As published by The Footy Almanac, 14 June 2012
Last night many of the biggest names in football gathered to honour the latest AFL Hall of Fame inductees and the elevation of Barry Cable to legend status. It’s one of the heartwarming aspects of football that through this event and the Brownlow Medal, past greats of the 1960’s-’70’s-’80’s vintage still regularly keep in touch.
Looking at the clips of the many familiar faces (some sadly unfamiliar due to the ravages of time), it got me to thinking about the last occasion these men might have assembled for something more physical than raising their glasses.
Back in 1996 I was in the final year of my Sports Management degree and I was fortunate enough to land a work experience unit at the AFL. It was great timing, putting me right in the thick of the League’s centenary festivities. Before the landmark season was consumed by the Lions’ messy demise, the showcase event earlier in the year was fairly described a raging success.
The big shindig on 8 May had Essendon take on Geelong in deference to the League’s first ever round in 1897. My gig was the pre-match legends game featuring the biggest names from the previous 30 years. Via their replica garb, the likes of KB, Bulldog Murray, Healy, Moore, Bourke, Schimma, Raines and Greig would also channel the first recognised game of Aussie Rules between Scotch College and Melbourne Grammar. It was a tremendous idea – we knew most would jump at the opportunity to participate, but the hard part would be overcoming the tyranny of distance and arthritis.
One of my first tasks entailed a daunting list of names accompanied by their phone numbers. Simply explaining the concept was a tad complex so I started at the least imposing first, if that was possible. I don’t recall much of the conversations – strangely one that sticks out was Tucky’s wife who was up for a loooong chat, and Dick Reynolds who was similarly blessed for time. David Cloke was so thrilled to be asked he materialised at my office door within the half hour. As is the case now, he would have loved a five year contract.
The exercise presented considerable logistical challenges given the requisite travel and accommodation arrangements, transfers to the ground, specialised uniforms and so on. And the stakes were pretty high to get it right (the only stuff-up was poor old Dick getting lost in the madding crowd trying to find the function room).
On the night I was assigned the role of Ron Barassi’s team manager. True to the period theme I sported a cheap old gabardine coat and Alfie cap. I could have done with feeling less of a goose in this exalted company.
Every now and then life throws up a surreal moment where time stands still. When the old warriors filed into the rooms and greeted each other the scene and the camaraderie reminded me of a Jamie Cooper painting. Their banter was as sharp as a needle in your eye – I doubt Darren Bewick’s match winning 8 goals were as entertaining as the pre-match to the pre-match. Ronald Dale approached me with a list of legends and asked if I could help him arrange them into some kind of working order. So here I am with Barass, suggesting (with respect) that Skilts’ mature status would best find him a forward pocket.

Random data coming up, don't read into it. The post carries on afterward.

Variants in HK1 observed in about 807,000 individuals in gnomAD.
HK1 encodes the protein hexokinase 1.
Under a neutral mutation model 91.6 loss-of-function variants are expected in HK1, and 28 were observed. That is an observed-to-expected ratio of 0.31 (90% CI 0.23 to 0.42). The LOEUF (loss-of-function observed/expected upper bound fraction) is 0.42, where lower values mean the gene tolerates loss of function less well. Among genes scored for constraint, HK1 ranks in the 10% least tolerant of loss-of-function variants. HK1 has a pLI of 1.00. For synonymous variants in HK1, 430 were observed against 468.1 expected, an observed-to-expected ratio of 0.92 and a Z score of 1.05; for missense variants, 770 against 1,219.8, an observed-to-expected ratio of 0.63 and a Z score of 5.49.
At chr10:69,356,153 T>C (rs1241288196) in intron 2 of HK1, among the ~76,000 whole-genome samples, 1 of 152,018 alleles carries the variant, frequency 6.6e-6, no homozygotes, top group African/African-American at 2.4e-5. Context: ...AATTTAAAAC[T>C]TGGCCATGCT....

Then out of nowhere Dipper greets Ron with a rib rattling bump, sending him square into the wall. No respect there! I assumed they went back a long way given RDB’s surprising mirth. One of my uni mates looking after Leigh Matthews’ team found himself on his knees precariously safety pinning the front of Sam Newman’s knickerbocker style shorts. Trust Sam to have trouble keeping his pants on.
Out on the ground 50-odd big kids warmed up as one. It’s unlikely circle work was met with such unbridled joy in their playing days. In fact I was one of several assistants that ended up chasing kicks to secure the balls just so the match could start!
The game itself was perhaps one level above circle work, as is the exhibition way. The bespoke vintage footies were a hit, though the plastic place kick devices proved a little more challenging.
At one point I recall Barassi grabbing my arm and asking Geoff Moss be given a rest. So off I gallop – and gallop… the 1976 Brownlow Medalist was having so much fun I found myself again running around the ‘G in a bid to curb a legend’s enthusiasm.
Meanwhile, Rex Hunt, resplendant in his stockman’s jacket and hat, roamed about the field of play as if to round up cattle. He settled for rounding up the action in his inimitable style.
A well worn story has it a church board in the vicinity of Glenferrie Oval once posed the question “What would you do if Jesus Christ came to Hawthorn today?”. Underneath it a wag scrawled “Move Peter Hudson to centre half-forward”. This night Huddo’s forward line also boasted McKenna, Dermie, Quinlan and Roach – thus prompting another selection poser. No wonder Lethal took the easy option, announcing at half time ‘anyone who wants to come on can come on’.
Despite several eras and old foes colliding, the legends put on a decent show complete with drop kicks, flick passes and even a faux melee. Barassi’s forward line was pretty handy too, and appropriately for the blue team it was Ashman, Walls and Jezza who put a break on ‘Scotch College’. Superboot’s place kick (worth 2 goals) to steal the game nearly beheaded three players before smacking the post, leaving ‘Melbourne Grammar’ victors 6.3.39 to 4.5.29.
I still remember going to bed that night wondering if I’d copped a Dipper shirtfront and in the midst of my concussion dreamt up some kind of schmaltzy Hollywood sports fantasy. That night the household names of a bygone era played just for kicks, to relive past glories and to be part of something bigger. To be a glorified fly on the wall is something I’ll never forget.